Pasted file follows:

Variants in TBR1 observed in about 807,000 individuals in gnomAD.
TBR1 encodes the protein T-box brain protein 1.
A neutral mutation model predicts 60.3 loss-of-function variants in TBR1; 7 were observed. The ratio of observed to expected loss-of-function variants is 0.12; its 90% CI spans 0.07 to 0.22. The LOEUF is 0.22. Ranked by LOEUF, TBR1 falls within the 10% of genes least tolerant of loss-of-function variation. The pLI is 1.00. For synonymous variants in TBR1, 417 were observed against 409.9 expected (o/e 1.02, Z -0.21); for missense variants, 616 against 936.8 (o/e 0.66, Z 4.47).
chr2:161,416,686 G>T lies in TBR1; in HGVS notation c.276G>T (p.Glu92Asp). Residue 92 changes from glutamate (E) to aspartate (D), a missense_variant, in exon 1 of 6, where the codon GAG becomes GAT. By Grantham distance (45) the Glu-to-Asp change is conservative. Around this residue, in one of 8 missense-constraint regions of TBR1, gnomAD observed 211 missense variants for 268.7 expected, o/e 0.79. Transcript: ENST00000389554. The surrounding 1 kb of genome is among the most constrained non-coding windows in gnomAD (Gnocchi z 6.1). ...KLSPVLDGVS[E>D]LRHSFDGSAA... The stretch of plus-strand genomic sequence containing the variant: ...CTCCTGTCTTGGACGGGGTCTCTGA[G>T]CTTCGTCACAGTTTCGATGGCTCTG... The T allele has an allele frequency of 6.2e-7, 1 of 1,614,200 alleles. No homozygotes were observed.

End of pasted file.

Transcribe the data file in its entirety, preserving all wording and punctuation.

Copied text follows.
Variants in TBR1 observed in about 807,000 individuals in gnomAD.
TBR1 encodes the protein T-box brain protein 1.
A neutral mutation model predicts 60.3 loss-of-function variants in TBR1; 7 were observed. The ratio of observed to expected loss-of-function variants is 0.12; its 90% CI spans 0.07 to 0.22. The LOEUF is 0.22. Ranked by LOEUF, TBR1 falls within the 10% of genes least tolerant of loss-of-function variation. The pLI is 1.00. For synonymous variants in TBR1, 417 were observed against 409.9 expected (o/e 1.02, Z -0.21); for missense variants, 616 against 936.8 (o/e 0.66, Z 4.47).
chr2:161,416,686 G>T lies in TBR1; in HGVS notation c.276G>T (p.Glu92Asp). Residue 92 changes from glutamate (E) to aspartate (D), a missense_variant, in exon 1 of 6, where the codon GAG becomes GAT. By Grantham distance (45) the Glu-to-Asp change is conservative. Around this residue, in one of 8 missense-constraint regions of TBR1, gnomAD observed 211 missense variants for 268.7 expected, o/e 0.79. Transcript: ENST00000389554. The surrounding 1 kb of genome is among the most constrained non-coding windows in gnomAD (Gnocchi z 6.1). ...KLSPVLDGVS[E>D]LRHSFDGSAA... The stretch of plus-strand genomic sequence containing the variant: ...CTCCTGTCTTGGACGGGGTCTCTGA[G>T]CTTCGTCACAGTTTCGATGGCTCTG... The T allele has an allele frequency of 6.2e-7, 1 of 1,614,200 alleles. No homozygotes were observed.